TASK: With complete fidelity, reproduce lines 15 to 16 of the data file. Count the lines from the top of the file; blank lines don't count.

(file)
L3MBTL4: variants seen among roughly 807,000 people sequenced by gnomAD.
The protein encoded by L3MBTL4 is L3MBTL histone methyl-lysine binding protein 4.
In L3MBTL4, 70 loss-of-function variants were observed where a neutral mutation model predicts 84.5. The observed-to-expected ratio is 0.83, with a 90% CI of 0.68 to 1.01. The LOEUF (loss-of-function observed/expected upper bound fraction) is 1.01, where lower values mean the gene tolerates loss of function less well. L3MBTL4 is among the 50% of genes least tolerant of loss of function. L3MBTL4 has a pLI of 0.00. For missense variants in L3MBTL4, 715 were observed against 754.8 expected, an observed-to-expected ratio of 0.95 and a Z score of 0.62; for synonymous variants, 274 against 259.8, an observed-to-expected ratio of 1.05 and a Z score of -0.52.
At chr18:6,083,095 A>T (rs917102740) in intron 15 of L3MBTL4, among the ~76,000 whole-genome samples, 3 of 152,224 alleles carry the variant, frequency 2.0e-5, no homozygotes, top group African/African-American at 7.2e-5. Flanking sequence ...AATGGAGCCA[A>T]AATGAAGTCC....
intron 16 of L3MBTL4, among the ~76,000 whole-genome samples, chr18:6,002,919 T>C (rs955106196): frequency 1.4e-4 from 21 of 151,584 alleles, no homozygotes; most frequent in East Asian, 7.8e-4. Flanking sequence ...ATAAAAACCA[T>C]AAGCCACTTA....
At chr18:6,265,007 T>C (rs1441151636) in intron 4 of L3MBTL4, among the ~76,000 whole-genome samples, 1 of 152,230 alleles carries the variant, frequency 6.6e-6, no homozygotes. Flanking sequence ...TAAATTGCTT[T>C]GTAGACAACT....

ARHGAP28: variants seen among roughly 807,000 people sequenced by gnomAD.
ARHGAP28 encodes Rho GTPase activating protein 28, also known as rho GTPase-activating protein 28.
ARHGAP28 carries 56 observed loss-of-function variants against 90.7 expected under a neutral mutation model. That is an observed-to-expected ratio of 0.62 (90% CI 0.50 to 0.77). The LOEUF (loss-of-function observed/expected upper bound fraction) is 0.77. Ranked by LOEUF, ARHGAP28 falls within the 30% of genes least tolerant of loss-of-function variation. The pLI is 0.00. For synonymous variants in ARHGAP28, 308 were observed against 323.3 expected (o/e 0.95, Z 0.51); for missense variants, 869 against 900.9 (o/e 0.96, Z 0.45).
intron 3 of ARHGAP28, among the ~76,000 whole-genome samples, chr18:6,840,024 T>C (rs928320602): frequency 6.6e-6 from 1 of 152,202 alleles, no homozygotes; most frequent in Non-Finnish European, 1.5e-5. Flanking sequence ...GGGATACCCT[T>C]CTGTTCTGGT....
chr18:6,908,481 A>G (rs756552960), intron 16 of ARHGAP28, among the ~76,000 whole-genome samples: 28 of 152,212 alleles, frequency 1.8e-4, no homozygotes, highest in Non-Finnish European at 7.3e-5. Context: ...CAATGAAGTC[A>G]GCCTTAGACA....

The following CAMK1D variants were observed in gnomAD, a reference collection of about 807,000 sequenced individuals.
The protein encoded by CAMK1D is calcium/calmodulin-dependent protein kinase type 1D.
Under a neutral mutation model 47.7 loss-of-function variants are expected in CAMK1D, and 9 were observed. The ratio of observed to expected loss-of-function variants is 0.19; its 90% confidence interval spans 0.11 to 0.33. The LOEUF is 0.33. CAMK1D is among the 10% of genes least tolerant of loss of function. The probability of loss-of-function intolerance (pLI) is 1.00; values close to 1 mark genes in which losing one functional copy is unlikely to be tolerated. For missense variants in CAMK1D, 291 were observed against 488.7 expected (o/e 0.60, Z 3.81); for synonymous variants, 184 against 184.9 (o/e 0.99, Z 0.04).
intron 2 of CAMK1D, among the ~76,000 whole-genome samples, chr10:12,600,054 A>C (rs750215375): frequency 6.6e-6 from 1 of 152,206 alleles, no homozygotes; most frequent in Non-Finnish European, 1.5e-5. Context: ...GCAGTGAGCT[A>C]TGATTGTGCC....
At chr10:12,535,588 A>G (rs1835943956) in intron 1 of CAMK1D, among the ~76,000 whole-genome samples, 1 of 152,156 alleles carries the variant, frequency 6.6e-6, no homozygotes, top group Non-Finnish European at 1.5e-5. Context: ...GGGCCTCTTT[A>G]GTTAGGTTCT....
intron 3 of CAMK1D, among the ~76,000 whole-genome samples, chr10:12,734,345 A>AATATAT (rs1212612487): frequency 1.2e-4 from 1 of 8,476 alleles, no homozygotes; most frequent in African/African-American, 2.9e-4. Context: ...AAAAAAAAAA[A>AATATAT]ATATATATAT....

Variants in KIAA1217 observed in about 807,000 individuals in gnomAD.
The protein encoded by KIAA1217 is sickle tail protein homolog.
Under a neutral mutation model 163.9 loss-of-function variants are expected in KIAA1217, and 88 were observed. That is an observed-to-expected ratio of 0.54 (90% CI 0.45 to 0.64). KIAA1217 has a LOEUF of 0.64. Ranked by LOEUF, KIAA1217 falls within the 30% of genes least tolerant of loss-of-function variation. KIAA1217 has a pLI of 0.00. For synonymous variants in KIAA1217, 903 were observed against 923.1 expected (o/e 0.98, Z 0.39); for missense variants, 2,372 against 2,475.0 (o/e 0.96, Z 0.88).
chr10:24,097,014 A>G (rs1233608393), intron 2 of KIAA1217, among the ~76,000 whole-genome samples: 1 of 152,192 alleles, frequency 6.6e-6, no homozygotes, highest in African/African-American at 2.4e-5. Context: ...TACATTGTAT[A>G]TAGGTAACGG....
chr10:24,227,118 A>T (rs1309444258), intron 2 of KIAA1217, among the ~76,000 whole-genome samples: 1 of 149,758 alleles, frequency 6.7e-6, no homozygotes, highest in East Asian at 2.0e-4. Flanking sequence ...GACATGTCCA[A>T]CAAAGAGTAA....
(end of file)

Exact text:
intron 2 of CAMK1D, among the ~76,000 whole-genome samples, chr10:12,600,054 A>C (rs750215375): frequency 6.6e-6 from 1 of 152,206 alleles, no homozygotes; most frequent in Non-Finnish European, 1.5e-5. Context: ...GCAGTGAGCT[A>C]TGATTGTGCC....
At chr10:12,535,588 A>G (rs1835943956) in intron 1 of CAMK1D, among the ~76,000 whole-genome samples, 1 of 152,156 alleles carries the variant, frequency 6.6e-6, no homozygotes, top group Non-Finnish European at 1.5e-5. Context: ...GGGCCTCTTT[A>G]GTTAGGTTCT....